Almost 5,000 people have claimed they were injured in the disaster, with lawsuits filed in each of the 24 district courts in Harris County. Nearly every claim alleges negligence such as “failures of safety and security rules, crowd control and emergency response measures, and failures to provide adequate security, supervision, training and care”.

The first trial from the lawsuits is slated for 6 May, while a number of cases have already been settled.

According to court documents, the head of safety for the festival raised concerns about the number of people that could be near the stage, ten days before the event took place.

Earlier this month, a Texas judge ordered Live Nation CEO Michael Rapino to give testimony in the lawsuits brought against his company and others by families of those who died at the festival.

 


Get more stories like this in your inbox by signing up for IQ Index, IQ’s free email digest of essential live music industry news.

Rapino ordered to testify in Astroworld lawsuit

Live Nation CEO Michael Rapino has been ordered to give testimony in the lawsuits brought against his company and others by families of those who died at the 2021 Astroworld festival.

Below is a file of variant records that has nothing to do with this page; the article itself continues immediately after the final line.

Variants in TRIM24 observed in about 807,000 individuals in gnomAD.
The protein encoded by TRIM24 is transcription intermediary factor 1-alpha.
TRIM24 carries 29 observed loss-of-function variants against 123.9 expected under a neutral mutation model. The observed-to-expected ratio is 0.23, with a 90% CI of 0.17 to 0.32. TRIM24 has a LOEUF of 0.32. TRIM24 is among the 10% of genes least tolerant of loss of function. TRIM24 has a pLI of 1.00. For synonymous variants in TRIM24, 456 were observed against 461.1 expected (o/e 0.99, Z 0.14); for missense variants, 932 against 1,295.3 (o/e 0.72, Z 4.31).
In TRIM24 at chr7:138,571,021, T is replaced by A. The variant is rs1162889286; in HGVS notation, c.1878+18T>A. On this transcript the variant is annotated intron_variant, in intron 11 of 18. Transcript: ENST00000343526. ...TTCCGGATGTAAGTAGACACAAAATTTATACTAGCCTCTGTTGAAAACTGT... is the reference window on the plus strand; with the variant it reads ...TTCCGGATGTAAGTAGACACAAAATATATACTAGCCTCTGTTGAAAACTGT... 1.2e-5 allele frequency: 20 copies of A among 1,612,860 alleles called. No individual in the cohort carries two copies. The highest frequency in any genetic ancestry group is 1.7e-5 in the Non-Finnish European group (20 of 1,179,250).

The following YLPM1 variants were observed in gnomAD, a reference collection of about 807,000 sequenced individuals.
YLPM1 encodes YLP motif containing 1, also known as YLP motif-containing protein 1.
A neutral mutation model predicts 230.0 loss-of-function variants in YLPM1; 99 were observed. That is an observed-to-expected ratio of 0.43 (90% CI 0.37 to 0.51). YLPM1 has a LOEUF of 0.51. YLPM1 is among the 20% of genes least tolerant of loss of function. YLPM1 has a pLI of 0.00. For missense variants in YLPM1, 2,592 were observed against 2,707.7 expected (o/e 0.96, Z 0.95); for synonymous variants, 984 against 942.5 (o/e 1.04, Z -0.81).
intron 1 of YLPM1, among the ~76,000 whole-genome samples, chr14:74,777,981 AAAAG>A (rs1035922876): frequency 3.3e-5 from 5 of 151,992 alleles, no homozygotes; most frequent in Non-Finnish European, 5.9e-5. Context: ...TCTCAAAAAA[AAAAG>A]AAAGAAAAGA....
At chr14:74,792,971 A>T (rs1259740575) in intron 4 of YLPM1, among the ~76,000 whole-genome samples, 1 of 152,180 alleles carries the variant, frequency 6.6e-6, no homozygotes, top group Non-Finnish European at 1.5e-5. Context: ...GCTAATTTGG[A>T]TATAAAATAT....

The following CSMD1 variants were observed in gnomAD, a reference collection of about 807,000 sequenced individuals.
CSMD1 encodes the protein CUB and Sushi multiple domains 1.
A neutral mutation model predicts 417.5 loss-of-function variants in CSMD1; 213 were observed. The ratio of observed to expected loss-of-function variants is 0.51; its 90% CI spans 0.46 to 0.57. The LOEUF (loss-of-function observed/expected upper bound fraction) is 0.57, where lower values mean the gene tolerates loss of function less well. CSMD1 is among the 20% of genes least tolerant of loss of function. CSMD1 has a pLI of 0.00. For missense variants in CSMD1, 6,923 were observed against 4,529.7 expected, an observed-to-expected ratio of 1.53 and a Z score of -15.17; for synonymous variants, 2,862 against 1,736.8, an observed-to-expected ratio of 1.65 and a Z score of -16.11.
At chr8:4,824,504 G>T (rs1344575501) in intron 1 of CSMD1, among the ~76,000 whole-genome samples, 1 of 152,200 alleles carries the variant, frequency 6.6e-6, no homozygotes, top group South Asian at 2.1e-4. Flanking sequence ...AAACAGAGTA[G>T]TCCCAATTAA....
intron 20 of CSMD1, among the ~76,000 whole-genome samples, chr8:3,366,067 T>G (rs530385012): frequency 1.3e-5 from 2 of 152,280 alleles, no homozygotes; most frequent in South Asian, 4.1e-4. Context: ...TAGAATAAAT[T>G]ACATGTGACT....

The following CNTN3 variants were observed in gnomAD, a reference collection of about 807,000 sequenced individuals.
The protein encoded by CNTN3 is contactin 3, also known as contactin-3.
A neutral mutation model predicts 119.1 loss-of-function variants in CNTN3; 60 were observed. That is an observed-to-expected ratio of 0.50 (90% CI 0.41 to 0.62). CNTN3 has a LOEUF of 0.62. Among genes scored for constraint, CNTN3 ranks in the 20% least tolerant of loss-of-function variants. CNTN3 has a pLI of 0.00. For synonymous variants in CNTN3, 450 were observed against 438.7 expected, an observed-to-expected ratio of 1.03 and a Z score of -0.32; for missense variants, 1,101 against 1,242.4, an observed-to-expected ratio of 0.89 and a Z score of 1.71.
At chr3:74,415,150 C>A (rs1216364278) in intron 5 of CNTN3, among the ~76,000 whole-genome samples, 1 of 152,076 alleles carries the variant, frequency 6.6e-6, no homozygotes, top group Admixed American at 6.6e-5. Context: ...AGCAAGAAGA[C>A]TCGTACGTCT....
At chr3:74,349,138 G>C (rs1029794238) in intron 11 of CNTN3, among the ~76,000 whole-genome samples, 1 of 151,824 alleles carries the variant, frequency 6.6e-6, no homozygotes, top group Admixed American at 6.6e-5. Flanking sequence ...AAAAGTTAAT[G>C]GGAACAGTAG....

Ten people died and hundreds more were injured during the fatal crowd crush at the November 2021 Astroworld event in Houston. In June last year, a Texas grand jury declined to indict rapper and festival founder Travis Scott, nor anyone else associated with the festival.

However, more than 300 lawsuits were filed naming Scott, Live Nation and other companies involved in the event. Lawyers representing the plaintiffs presented the court with evidence of correspondence between Rapino and other people involved in the event in an effort to show that he had significant knowledge about Astroworld.

Live Nation’s attorney, Neal Manne, told the court that only six of those messages dated from prior to the festival, including one where the CEO had asked whether Live Nation was the event’s promoter – proving that Rapino had no involvement in the planning of Astroworld.

“The court finds that Michael Rapino has personal and direct knowledge of relevant information”